We did some work for Royer a few years ago. Made the equipment that put the crinkle in the ribbons. Do you suppose I could get a deal on a mike? No way.
Anyway, the guy from Royer said the mikes were for orchestras and bands and not for vocals, so I didn't press it.
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Mike Neer


From:
NJ
Post Posted 2 Mar 2016 6:07 am     Reply with quote

Bob Hoffnar wrote:

If you have a good cardioid mic you can put the 414 on omni and try out mid side mic recording. Very cool thing to check out.


Bob, that is a great technique that I've been playing around with. The best way to get a BIG sound. I'm using the 414 with an SM57, but I have a few AKG cardioid mics that I'll have to dig out and play with.

My Royer needs a new ribbon, unfortunately.
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werner althaus


From:
lincoln, NE
Post Posted 7 Apr 2016 7:36 pm     Reply with quote

You want to put the 414 to figure 8, not Omni to use with a cardioid for MS recording. Or just use the Royer which is a figure eight, but Cardioid and Omni doesn't make MidSide, it makes something but for true MS you need a figure eight as Side mic. Also don't forget to decode properly, mid mic centered and the Side mic (figure eight) split to 2 channels, panned hard left and hard right with the one on the right phase reversed. All super easy to do ITB (in the box/ computer)

Edit: forgot to mention that you need to point the S mic sideways with the front facing left (from the mics POV). The cool thing about MS is that you can control the image width AFTER you recorded the audio.
Another cool technique to try with figure 8 ribbons (or any figure 8 mics) is Bluemlein stereo, two figure 8 mics, 90 degrees to each other and 45 degrees off axis of the source. Very good spacial representation and full mono compatibility, just like MS.


Last edited by werner althaus on 8 Apr 2016 6:43 am; edited 2 times in total
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Mark Wayne


From:
Wisconsin, USA
Post Posted 7 Apr 2016 10:55 pm     Reply with quote

Has anybody A B'd the 121's with the 122v's? Are the 122v's worth that extra $ when it comes to the tone?
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Bob Hoffnar


From:
Austin, Tx
Post Posted 10 Apr 2016 8:41 pm     Reply with quote

Werner, you are right about the figure eight. Thanks for the correction. I do use the Royer and 414 on figure 8.
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Mike Neer


From:
NJ
Post Posted 12 Apr 2016 6:10 am     Reply with quote

Bob, what kind of distance are you putting between the mic and speaker, and where do you like the Royer facing?
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Bob Hoffnar


From:
Austin, Tx
Post Posted 12 Apr 2016 6:19 am     Reply with quote

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Mike Neer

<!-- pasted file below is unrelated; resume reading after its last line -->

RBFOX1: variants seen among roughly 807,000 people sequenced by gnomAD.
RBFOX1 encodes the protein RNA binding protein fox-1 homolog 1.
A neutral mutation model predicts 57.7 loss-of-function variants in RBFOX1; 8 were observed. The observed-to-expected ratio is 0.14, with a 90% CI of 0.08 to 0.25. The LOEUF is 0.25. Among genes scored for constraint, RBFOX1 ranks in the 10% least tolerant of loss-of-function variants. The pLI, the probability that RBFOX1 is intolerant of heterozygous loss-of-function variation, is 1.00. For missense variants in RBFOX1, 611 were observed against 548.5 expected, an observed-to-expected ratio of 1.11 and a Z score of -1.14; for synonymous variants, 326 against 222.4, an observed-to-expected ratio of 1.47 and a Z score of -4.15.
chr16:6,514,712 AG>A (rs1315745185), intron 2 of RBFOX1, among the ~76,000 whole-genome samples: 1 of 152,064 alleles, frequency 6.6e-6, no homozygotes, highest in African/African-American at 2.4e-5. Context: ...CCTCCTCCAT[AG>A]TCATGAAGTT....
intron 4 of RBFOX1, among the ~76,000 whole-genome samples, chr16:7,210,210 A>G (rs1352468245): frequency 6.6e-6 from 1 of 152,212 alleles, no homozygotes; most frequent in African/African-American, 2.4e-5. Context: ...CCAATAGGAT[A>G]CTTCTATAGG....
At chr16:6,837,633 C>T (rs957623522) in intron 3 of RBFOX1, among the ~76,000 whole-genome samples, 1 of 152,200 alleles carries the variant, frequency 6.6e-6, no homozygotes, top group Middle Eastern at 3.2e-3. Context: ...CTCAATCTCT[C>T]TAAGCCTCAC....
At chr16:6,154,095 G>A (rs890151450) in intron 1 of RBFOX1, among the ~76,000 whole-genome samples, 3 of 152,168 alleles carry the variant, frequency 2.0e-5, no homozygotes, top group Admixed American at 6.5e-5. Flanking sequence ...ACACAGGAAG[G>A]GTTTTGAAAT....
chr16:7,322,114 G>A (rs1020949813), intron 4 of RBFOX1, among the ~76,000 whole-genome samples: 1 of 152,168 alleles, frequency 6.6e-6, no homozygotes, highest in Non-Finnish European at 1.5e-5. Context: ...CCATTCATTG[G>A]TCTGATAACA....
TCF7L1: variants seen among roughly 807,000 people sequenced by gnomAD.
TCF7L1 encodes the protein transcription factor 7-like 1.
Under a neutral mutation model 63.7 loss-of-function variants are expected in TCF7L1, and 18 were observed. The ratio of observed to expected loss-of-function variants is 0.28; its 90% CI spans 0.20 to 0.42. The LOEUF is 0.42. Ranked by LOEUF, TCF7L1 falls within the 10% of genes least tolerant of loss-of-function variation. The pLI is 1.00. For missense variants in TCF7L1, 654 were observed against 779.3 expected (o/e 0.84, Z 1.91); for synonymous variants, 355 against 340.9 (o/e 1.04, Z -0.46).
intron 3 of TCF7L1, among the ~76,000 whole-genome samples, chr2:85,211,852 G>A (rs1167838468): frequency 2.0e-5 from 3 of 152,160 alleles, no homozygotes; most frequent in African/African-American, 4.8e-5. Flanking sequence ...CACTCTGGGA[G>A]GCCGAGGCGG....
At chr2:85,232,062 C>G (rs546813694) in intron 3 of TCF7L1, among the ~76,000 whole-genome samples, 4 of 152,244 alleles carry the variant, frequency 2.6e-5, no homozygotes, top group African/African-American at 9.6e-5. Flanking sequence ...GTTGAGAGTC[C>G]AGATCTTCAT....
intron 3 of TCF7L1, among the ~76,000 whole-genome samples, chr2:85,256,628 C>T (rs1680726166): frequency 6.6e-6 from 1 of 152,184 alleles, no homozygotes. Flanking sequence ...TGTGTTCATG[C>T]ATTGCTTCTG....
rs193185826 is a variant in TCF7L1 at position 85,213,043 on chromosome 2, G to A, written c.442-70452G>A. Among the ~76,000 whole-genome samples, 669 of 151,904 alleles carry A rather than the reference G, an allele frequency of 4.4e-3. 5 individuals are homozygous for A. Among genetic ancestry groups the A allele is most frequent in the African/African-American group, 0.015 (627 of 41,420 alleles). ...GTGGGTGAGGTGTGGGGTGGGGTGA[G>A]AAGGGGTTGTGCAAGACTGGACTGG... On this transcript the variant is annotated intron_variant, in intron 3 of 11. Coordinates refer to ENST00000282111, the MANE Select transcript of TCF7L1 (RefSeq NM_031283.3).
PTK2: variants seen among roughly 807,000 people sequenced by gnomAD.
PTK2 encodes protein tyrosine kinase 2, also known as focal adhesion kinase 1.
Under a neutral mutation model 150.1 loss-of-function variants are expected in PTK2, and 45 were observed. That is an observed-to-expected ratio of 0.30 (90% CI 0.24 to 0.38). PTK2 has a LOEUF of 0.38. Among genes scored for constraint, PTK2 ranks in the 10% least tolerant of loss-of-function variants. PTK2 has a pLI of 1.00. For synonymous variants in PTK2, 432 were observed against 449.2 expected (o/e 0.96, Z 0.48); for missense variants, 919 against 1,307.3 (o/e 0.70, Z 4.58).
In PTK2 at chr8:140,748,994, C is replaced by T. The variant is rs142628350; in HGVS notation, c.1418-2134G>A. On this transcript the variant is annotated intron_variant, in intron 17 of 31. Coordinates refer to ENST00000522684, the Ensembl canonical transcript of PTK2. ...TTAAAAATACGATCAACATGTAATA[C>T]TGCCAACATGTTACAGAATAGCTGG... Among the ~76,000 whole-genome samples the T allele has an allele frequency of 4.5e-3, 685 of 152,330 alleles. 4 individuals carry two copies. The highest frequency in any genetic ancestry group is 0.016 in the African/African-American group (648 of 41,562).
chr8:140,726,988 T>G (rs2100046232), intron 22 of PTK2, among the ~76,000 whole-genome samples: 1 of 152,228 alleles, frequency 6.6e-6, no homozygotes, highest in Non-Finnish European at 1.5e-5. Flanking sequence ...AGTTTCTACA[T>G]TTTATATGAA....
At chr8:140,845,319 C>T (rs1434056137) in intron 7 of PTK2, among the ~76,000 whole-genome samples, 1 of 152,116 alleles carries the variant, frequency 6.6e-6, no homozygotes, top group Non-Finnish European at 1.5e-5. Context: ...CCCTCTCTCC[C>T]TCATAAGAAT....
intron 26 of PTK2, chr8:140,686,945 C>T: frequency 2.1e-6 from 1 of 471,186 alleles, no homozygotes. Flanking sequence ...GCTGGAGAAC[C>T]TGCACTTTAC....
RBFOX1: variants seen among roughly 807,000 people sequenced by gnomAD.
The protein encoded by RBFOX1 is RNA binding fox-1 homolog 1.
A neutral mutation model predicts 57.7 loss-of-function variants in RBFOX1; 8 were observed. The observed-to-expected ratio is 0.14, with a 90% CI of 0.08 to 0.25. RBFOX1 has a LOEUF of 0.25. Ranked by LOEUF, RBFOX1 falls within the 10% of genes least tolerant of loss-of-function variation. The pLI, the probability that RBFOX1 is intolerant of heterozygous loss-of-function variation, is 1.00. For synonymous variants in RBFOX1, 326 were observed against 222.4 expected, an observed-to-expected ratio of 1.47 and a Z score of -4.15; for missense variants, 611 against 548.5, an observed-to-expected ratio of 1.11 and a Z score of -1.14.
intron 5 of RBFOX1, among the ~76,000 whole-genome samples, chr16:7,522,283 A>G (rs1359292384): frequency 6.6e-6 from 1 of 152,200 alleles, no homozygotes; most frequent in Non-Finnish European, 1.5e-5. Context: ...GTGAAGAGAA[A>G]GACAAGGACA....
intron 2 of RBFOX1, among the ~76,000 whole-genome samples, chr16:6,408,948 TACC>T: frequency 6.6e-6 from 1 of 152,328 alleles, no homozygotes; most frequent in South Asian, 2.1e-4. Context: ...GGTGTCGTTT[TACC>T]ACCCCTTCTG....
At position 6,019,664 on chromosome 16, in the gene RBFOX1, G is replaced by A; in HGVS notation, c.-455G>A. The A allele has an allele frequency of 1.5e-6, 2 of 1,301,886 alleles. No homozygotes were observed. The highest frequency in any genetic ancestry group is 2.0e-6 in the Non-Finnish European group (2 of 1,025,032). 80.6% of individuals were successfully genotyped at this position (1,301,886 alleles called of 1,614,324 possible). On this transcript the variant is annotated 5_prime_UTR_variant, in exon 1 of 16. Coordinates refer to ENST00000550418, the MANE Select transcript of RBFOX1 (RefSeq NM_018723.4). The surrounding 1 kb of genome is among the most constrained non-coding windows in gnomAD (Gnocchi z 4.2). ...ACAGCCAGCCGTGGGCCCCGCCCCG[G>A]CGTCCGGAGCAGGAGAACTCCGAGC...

From:
NJ
Post Posted 18 May 2016 7:46 am     Reply with quote

I am now hooked on the old "bird cage" ribbon mics from Western Electric and Altec. All the steel parts on my record were recorded with them and they sound wonderful. Don't think I can afford one of my own, though!
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Ian Rae


From:
Redditch, England
Post Posted 13 Jul 2016 2:24 pm     Reply with quote

Ribbon mics were the first high-quality mics in the early days of radio, when dynamics were poor and condensers were yet to appear. They have a naturally clean transient response. When I worked for the BBC we had a bunch of pre-war ones that I liked to use on the trumpets in a big band. I had access to all the Neumann and AKG types; they were fine for the trombones and saxes, but the ribbons really caught that sawtooth wave!

Also I got a really expensive French horn sound by putting one near the floor beside the player's chair, the figure eight looking up at the rim of the bell and down at the boards. A touch of reverb and you're in Symphony Hall! And great separation, because the waist of the pickup pattern points all round the studio.
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Godfrey Arthur


From:
Philippines
Post Posted 12 Oct 2016 8:02 am     Reply with quote

Les Cargill wrote:
Anybody looked at the Cloudlifter for use with dynamics/ribbons? Looks interesting.


There are other similar units.There are inline units made by another company. Some mics like the Shure SM7 need this booster not unless you have a preamp that supplies 60db of gain. In fact the SM7 can be seen on ebay being sold together with the Cloudlifter.

The SM7 is a go-to mic used not only as a DJ mic for radio broadcast but in rock and rap genres it is a favorite.

In fact Shure endorses the Cloudlifter for use with the SM7.

A ribbon would benefit from these boosters.

Triton Audio makes the Fethead



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Paul Sutherland


From:
Placerville, California
Post Posted 28 Oct 2016 8:32 am     Reply with quote

I got to record yesterday at a local studio and the engineer put a Royer R-122 on my Twin (set with no reverb), ran that into a Telefunken V72 tube preamp, and then used an actual plate reverb (3' by 6') on the signal. The steel sure sounded good. I'm hopeful for the final mix.

He placed the mic much closer to the speaker than Bob's picture shows.



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Godfrey Arthur


From:
Philippines
Post Posted 29 Oct 2016 5:58 am     Reply with quote

Quote:
I got to record yesterday at a local studio and the engineer put a Royer R-122 on my Twin (set with no reverb), ran that into a Telefunken V72 tube preamp, and then used an actual plate reverb (3' by 6') on the signal. The steel sure sounded good. I'm hopeful for the final mix.


The V72 with its tubes helped out a lot I surmise.